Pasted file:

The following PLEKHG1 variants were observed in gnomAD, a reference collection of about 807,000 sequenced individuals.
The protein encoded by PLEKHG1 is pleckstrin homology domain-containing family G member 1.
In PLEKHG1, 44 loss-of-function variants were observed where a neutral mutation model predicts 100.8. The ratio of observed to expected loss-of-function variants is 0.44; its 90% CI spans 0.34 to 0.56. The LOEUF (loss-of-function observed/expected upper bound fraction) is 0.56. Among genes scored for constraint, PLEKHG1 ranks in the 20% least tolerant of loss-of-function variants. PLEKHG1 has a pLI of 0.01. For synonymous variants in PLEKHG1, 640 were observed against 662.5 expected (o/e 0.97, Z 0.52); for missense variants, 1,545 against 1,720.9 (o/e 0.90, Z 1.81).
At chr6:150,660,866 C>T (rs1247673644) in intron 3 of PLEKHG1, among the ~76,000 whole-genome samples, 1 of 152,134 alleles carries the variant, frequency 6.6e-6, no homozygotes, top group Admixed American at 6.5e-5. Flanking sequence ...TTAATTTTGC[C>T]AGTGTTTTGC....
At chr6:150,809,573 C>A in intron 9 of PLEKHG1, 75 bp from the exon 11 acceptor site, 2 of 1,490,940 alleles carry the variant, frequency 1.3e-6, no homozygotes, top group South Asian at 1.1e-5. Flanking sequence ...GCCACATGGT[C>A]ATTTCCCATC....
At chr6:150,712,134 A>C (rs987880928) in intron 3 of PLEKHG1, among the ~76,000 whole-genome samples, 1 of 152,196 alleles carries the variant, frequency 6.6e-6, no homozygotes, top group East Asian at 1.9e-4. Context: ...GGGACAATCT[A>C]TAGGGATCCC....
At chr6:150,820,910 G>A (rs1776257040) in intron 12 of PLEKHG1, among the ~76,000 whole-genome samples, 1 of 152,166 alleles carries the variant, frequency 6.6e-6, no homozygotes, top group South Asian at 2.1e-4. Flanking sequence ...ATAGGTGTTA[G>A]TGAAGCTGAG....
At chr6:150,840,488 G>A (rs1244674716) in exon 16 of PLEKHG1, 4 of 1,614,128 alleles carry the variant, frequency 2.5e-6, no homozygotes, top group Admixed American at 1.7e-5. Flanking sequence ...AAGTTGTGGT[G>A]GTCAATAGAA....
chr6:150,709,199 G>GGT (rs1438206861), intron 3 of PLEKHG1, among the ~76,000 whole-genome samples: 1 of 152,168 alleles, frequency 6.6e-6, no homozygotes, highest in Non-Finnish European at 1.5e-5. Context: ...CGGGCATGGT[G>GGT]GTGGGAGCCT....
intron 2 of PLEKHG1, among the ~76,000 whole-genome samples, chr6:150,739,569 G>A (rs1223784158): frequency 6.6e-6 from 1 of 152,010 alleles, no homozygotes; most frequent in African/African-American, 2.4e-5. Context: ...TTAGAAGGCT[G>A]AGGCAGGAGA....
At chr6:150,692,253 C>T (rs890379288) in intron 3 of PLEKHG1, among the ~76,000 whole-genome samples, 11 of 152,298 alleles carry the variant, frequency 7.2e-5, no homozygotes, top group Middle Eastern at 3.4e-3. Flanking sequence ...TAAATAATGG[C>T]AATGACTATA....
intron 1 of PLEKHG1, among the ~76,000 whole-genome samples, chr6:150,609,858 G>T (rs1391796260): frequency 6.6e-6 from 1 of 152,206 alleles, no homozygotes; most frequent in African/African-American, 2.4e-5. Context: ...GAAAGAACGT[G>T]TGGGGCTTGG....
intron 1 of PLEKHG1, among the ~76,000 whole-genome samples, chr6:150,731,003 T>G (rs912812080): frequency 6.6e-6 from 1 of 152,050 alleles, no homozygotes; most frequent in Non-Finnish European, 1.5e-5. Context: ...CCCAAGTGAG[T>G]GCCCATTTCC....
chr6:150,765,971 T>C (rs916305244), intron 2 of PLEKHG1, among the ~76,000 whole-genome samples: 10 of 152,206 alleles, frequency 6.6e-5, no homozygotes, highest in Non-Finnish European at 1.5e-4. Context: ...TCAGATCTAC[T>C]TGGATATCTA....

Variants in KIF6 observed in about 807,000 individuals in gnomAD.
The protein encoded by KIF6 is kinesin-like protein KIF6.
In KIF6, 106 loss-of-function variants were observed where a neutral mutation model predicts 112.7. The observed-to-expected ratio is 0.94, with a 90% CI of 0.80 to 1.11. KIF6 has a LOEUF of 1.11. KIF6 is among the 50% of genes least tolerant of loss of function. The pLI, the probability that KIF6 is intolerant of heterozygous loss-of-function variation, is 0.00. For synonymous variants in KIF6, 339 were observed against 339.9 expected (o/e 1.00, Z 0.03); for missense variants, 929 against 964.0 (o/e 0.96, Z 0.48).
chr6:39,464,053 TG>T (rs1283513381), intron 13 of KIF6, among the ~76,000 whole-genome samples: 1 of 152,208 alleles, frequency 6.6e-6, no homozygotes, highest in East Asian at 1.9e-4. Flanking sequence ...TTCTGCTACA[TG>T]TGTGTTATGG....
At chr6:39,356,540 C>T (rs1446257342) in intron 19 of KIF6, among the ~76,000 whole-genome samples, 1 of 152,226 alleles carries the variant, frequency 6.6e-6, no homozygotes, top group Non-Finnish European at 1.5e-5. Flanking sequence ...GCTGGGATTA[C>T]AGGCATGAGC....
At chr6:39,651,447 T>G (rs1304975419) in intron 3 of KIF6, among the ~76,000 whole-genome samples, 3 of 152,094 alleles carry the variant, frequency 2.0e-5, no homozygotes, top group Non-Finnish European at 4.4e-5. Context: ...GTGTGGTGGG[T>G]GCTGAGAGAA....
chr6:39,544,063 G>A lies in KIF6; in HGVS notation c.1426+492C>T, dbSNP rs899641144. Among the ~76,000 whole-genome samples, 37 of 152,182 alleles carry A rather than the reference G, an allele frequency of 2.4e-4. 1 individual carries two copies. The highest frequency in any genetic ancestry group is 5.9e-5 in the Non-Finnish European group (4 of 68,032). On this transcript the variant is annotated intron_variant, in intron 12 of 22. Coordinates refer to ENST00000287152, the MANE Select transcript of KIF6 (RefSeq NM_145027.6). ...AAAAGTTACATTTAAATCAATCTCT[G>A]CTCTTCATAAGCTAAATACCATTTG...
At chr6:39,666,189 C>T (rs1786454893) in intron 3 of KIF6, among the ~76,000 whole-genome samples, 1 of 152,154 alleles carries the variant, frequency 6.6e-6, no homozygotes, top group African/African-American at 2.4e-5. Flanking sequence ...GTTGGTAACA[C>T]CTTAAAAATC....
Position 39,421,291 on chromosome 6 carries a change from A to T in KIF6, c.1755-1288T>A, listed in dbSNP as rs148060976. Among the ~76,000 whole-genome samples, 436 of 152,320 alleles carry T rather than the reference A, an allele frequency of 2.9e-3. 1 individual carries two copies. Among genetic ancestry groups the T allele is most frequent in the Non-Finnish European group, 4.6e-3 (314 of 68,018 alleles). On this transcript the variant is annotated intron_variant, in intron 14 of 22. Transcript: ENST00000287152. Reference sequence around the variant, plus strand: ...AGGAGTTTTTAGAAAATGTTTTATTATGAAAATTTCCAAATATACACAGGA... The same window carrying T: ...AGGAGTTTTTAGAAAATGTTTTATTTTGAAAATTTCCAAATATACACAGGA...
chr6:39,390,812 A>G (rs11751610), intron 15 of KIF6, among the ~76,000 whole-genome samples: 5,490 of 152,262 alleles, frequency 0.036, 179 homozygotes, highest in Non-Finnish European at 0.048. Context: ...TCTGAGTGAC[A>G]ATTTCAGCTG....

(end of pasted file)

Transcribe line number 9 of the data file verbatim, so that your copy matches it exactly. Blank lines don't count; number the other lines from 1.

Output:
chr6:150,709,199 G>GGT (rs1438206861), intron 3 of PLEKHG1, among the ~76,000 whole-genome samples: 1 of 152,168 alleles, frequency 6.6e-6, no homozygotes, highest in Non-Finnish European at 1.5e-5. Context: ...CGGGCATGGT[G>GGT]GTGGGAGCCT....